Notable American Women

Notable American Women turns Margaret Atwood and normal categories of written expression on end in an elaborately deconstructed tale. Crazy technology and crazier women invade the bucolic life of an unremarkable family and contort it into a surreal outpost where the rules all change. Ben Marcus fabricates--in more ways than one--a world of strange activity and odd philosophy. He is the narrator of the novel as well as the unwilling and ineffective breeder for this cult who transform his home, first by draping it in fabric bunting to stifle noise and finally by destroying all that maintains normalcy. It is, however, fantasy. “If” Ben were to have existed, the author tells readers, this boy would have lived on an Ohio farm, invaded by women tasked to accomplish a “new behavior,” where silence rules. Is his contrived reality merely an event turned inside out as a kind of paper mirror to reflect emotions and events in a new way? Is it perhaps a fairytale of childhood angst, confirming the insights of Bruno Bettelheim, where disillusioned wife and mother becomes ugly stepmother, accomplice to evil deeds, and father is marginalized?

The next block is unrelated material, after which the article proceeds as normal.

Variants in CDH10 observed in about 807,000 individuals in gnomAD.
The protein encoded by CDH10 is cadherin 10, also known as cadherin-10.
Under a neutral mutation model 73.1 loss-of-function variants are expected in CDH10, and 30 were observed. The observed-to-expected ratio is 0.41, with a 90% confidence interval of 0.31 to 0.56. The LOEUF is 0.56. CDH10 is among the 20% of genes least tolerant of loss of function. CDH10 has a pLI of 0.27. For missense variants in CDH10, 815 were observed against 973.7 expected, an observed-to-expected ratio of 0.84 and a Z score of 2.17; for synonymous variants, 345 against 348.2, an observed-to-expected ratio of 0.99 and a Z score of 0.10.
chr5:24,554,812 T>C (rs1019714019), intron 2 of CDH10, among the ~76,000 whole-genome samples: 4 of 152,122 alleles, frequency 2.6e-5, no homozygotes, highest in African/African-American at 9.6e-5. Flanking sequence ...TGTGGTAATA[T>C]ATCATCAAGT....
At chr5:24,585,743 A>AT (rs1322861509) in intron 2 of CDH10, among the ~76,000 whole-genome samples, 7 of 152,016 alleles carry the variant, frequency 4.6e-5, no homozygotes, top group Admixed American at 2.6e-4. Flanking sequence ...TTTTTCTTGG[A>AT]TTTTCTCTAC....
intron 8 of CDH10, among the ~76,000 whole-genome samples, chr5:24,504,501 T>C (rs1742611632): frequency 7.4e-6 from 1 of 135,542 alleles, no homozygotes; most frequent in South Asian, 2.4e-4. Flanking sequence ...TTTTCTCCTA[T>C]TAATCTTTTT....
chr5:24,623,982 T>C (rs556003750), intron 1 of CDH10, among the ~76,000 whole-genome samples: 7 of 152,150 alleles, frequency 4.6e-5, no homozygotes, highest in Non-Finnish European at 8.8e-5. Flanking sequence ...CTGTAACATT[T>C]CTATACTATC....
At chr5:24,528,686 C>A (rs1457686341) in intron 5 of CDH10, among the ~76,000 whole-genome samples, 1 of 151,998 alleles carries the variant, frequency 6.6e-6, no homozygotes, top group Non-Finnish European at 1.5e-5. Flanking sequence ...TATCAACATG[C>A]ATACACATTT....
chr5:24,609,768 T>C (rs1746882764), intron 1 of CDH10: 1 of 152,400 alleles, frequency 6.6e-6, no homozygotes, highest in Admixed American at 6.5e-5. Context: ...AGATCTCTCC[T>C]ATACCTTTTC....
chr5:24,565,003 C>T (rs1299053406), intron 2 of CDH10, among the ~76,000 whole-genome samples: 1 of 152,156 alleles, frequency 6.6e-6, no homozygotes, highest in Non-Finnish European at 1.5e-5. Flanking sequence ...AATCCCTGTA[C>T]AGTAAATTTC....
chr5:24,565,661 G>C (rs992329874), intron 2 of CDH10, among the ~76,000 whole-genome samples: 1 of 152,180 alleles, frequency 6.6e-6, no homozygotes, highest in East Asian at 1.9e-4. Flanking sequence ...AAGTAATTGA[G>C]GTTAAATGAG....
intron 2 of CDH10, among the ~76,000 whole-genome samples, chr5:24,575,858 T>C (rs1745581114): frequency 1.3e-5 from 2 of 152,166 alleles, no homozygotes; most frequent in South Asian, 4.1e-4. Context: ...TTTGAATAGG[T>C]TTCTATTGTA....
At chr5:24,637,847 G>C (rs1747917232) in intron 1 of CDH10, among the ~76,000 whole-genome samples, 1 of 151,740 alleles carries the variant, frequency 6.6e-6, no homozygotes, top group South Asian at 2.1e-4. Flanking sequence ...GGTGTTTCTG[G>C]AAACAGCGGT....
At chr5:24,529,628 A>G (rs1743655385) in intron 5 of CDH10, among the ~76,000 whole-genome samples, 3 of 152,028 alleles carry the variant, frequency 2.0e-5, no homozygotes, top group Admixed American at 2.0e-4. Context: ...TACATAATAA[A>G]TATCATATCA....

The novel’s style is quirky. The reader must suspend the logic normally found in written expression and be willing to blur categories of subjective and objective, or be totally frustrated. Some readers may enjoy the warped humor nuggeted in descriptions of procedures and mechanical devices, midrashes on feminine names, or the history of the fictional women’s movement. The book embodies a whimsy not encountered elsewhere.